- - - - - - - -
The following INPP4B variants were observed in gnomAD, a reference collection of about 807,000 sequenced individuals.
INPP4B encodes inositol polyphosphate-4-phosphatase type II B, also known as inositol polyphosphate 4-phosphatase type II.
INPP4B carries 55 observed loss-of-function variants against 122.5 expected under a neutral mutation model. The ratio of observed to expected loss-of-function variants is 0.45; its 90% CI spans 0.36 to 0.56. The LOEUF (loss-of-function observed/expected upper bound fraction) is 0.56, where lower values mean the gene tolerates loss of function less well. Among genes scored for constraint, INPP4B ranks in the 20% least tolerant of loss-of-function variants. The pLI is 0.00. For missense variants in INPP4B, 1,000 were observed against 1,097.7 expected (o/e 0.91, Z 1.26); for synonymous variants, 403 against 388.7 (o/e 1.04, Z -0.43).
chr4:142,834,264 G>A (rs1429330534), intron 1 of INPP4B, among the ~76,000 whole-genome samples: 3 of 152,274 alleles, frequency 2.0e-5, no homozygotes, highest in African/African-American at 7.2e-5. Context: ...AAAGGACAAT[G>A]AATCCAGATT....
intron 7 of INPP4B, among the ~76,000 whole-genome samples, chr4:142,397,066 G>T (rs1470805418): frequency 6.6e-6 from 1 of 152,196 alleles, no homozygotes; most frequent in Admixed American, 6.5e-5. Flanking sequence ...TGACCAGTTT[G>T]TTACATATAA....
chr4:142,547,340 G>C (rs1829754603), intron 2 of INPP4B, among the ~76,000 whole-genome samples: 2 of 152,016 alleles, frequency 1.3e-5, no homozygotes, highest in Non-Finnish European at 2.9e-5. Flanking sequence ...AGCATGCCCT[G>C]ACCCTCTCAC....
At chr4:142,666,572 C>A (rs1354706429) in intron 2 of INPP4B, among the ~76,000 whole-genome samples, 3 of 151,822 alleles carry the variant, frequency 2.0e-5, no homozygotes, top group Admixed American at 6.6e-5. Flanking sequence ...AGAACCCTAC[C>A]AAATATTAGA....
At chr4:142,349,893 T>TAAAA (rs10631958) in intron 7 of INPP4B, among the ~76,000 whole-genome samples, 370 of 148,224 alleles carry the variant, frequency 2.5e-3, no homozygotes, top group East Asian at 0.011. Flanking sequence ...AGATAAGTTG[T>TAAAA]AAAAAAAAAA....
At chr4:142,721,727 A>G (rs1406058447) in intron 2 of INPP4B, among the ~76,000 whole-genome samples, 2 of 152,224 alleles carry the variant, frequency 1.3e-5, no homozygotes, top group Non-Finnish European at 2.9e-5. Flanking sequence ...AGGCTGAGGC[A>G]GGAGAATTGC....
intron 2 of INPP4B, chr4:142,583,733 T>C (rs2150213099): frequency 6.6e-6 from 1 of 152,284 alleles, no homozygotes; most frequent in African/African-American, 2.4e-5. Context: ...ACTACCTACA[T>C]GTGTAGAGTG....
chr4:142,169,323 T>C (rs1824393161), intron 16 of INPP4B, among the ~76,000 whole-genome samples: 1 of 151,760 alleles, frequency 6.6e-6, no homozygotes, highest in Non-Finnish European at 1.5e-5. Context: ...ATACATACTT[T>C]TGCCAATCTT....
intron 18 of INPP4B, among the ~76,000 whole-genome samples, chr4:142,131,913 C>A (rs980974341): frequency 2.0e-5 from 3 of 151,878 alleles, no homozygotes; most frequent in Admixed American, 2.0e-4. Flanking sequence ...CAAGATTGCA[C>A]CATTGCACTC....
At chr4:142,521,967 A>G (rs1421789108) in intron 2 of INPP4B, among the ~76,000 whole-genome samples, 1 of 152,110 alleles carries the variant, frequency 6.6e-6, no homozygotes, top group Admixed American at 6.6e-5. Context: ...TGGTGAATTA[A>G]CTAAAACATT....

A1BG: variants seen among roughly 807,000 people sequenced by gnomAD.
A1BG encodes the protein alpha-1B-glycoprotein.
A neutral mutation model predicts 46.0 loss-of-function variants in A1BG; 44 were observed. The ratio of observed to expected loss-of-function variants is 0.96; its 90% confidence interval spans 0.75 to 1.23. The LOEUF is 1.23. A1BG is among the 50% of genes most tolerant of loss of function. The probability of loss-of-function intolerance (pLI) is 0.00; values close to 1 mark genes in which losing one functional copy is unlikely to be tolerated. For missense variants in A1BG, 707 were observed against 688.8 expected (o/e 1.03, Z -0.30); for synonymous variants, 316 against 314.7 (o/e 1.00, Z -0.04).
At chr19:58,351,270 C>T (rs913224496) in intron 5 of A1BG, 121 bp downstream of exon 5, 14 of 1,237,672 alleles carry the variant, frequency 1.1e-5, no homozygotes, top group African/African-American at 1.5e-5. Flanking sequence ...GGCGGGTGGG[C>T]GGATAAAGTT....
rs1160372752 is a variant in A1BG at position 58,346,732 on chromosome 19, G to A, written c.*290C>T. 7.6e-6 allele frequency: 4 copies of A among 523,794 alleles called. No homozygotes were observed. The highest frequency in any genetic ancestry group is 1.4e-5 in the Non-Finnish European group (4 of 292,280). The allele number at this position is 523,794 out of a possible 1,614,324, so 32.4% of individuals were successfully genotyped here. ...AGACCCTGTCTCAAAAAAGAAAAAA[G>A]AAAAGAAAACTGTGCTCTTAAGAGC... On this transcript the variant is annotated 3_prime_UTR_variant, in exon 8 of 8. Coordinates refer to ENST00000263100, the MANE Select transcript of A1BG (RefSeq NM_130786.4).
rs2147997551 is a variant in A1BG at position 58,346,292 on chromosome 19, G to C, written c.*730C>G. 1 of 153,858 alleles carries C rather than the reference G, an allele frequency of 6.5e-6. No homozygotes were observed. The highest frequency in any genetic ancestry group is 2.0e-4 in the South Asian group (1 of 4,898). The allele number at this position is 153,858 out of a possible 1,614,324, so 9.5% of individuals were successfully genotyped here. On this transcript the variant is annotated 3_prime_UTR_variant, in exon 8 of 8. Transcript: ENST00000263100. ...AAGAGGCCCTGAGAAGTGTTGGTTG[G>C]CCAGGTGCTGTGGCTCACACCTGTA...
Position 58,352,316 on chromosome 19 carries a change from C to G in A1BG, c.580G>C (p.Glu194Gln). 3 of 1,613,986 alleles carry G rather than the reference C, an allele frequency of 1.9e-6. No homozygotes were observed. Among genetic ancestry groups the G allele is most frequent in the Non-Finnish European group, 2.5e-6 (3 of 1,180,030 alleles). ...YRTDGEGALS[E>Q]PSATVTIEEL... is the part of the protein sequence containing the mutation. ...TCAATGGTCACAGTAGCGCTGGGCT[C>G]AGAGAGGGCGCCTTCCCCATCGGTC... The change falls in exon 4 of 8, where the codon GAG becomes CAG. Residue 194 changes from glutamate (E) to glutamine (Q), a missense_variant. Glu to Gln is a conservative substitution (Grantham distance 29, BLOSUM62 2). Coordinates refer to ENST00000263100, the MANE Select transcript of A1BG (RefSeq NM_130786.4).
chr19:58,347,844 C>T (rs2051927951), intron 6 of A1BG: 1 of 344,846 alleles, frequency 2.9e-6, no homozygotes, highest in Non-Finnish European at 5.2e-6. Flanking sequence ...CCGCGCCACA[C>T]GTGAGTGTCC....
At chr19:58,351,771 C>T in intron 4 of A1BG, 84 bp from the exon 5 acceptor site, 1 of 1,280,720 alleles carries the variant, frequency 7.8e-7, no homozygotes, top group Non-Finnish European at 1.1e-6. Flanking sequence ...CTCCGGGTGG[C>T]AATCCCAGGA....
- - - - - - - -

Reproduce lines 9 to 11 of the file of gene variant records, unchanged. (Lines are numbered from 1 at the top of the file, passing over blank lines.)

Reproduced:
At chr4:142,721,727 A>G (rs1406058447) in intron 2 of INPP4B, among the ~76,000 whole-genome samples, 2 of 152,224 alleles carry the variant, frequency 1.3e-5, no homozygotes, top group Non-Finnish European at 2.9e-5. Flanking sequence ...AGGCTGAGGC[A>G]GGAGAATTGC....
intron 2 of INPP4B, chr4:142,583,733 T>C (rs2150213099): frequency 6.6e-6 from 1 of 152,284 alleles, no homozygotes; most frequent in African/African-American, 2.4e-5. Context: ...ACTACCTACA[T>C]GTGTAGAGTG....
chr4:142,169,323 T>C (rs1824393161), intron 16 of INPP4B, among the ~76,000 whole-genome samples: 1 of 151,760 alleles, frequency 6.6e-6, no homozygotes, highest in Non-Finnish European at 1.5e-5. Context: ...ATACATACTT[T>C]TGCCAATCTT....